cleaned.  The wood behind the metal cages in the back of the small
animal room is not impervious and is stained with urine.

The floors in the isolation room are stained and are not impervious to moisture. The floor in
office area and the main access area between the main rabbit room and
the small animal room contains carpeting.  The carpet behind and around
the desk had numerous rabbit droppings on it and large water type
stains.  This room smelled of a sour, possibly vomit type odor.  Animals
not be permitted on surfaces that are not impervious and
easily cleaned and                                  disinfected. 
Carpeting used in animal enclosures must be removed and replaced with
new carpeting when wet or contaminated with excreta, or when a different
animal is placed in the enclosure.  Carpeting is not impervious to
moisture and cannot be readily cleaned and disinfected.

Some base edges of the exterior wall that meet the floor are exposed concrete block and are not impervious to moisture.

Outdoor enclosures are being erected that consist of sand as flooring
material. Surfaces of outdoor enclosures shall be constructed and
maintained so that they are impervious to   moisture and may be readily
cleaned and disinfected; run off from outdoor enclosures must be
properly disposed of as required by the municipal sewerage authority. 

Some animal crates and cages are stacked, but are not designed for this
purpose.  Debris and waste from upper cages falls into the cages
below.  Cages and crates must not be
stacked one on top    of the
other unless suitable support structures and barriers are used.  The
supports must be able to hold the weight of the uppe cage and prevent
the upper cage from resting on the lower cage.  Barriers must be used
between the upper and lower cage to prevent contamination of the lower
cage from debris and waste from the upper cage.

enclosures are not maintained in good repair. The wooden painted cages
designated as the condos have chewed and worn surfaces and are unable
to be properly cleaned and   disinfected.  Wooden cages in the front of
the main rabbit room are extensively saturated with urine and so
severely chewed that they can no longer be cleaned, disinfected, or
deodorized.  These cages must be removed from the facility.

Animals are unable to remain clean and dry due to the excessive amount
of excreta in their primary enclosures.

Animals are rotated to a playpen during the cleaning process.  At the
time of this inspection, the playpen contained an accumulation of
excrement and debris from other animals.  This
playpen was not
cleaned and disinfected between inhabitants.  All enclosures,
                                  carriers, and holding pens or runs
must be cleaned and disinfected before another animal is placed in them.

Hay used as food for the rabbits and pellet type food is not discarded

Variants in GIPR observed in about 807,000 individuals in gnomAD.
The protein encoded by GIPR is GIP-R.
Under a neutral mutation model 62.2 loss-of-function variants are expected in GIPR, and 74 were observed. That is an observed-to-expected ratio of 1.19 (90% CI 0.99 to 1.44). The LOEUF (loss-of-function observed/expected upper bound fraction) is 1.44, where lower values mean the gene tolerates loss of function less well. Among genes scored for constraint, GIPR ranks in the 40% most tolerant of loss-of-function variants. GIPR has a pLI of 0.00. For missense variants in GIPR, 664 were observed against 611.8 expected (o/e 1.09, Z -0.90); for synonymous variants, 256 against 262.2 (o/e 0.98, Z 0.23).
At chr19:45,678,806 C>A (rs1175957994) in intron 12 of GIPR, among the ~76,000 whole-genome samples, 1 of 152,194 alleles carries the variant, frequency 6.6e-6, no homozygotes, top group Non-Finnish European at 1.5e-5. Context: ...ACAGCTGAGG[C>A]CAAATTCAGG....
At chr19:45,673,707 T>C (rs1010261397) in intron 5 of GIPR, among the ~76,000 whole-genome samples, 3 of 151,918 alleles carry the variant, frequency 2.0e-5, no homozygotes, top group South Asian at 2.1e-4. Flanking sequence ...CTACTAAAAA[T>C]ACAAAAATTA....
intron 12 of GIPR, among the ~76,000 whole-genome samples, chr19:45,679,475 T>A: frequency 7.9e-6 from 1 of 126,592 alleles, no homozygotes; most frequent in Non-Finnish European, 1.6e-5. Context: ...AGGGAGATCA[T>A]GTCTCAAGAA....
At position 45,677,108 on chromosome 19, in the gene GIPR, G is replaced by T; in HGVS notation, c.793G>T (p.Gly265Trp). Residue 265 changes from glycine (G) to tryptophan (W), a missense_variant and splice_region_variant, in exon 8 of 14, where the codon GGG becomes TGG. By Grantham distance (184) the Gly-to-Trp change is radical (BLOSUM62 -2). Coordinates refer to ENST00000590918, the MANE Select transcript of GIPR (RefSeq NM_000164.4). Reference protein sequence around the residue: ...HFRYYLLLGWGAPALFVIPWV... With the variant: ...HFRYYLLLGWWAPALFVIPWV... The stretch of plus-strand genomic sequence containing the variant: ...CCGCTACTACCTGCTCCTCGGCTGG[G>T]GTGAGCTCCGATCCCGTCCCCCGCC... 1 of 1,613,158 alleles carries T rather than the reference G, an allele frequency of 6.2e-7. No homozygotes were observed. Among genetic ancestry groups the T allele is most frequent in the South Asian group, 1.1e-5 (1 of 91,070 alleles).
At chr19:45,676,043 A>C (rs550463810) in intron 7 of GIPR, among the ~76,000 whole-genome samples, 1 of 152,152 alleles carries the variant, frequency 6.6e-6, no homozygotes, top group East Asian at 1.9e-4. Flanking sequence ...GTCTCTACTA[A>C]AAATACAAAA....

and replaced on a daily basis as required.  Pellet type food is only
given every other day.

1.7(b)                         Food,
particularly hay, is placed in the litter boxes for the rabbits to eat.
This hay is contaminated with excreta and is not discarded  and replaced
on a daily basis as required in 1.7 (a) above.  Other food placed on
the floor of enclosures is also contaminated with excreta and needs to
be removed and replaced on a daily basis.

Hay used as food for the rabbits is placed inside the litter boxes and
quickly becomes contaminated by excreta.  Containers of food shall be
accessible to animals and shall be located so as to minimize
contamination by excreta. 

1.7(e)                         Feeding pans are not cleaned and disinfected on a daily basis as required.

Water bottles are not cleaned on a daily basis.  The bottles are topped
up with water when they become less than half full.  Receptacles for
water must be cleaned daily.

Excreta is not removed from primary enclosures often enough to prevent
contamination of the animals contained therein, and to control odors. 
At the time of inspection,
enclosures contained an excessive amount of excreta and odors were uncontrolled due to the amount of
and feces in each primary enclosure, including urine and feces
saturated wood pellets used as litter in litter receptacles.

are not removed from enclosures during the cleaning process.  At the
time of inspection, cleaning fluids were poured into the enclosures
containing rabbits, for the purpose of allowing the cleaning fluid to
soak to remove caked on waste materials. 
                                   Cleaning staff sprayed cleaning
solutions and vacuumed enclosures while the animals remained in the

1.8(b)                         Primary enclosures are not cleaned often enough to prevent an accumulation
debris and excreta.  At the time of this inspection, there was an
excessive amount of excreta and debris on cage floors and resting

1.8(c)                         Cages and hard surfaced
pens are not cleaned and disinfected on a daily basis. Floors are swept
and occasionally wet mopped but are not disinfected on a daily basis. 
All floors, animal enclosures and other pens or holding areas must be
cleaned and disinfected on a daily basis.  Urine encrusted stains in
primary enclosures and litter receptacles must be thoroughly scrubbed to
remove the stains before the final disinfection process.

All interior surfaces throughout the entire facility were covered in
dust, dirt and debris and not kept clean.  All surfaces, including the
area where cleaning supplies are stored and where hay and feed is
dispensed must be kept free of an accumulation of dust, dirt and
                           debris.  Cobwebs, dirt and debris must be
removed from all areas, including ceilings, walls, shelves, electric
outlets, lighting fixtures, stored caging, carriers, etc.  Areas around
sinks, wash basins,      counter tops, refrigerators, food preparation
areas, and the washer and dryer area must be scrubbed clean and kept in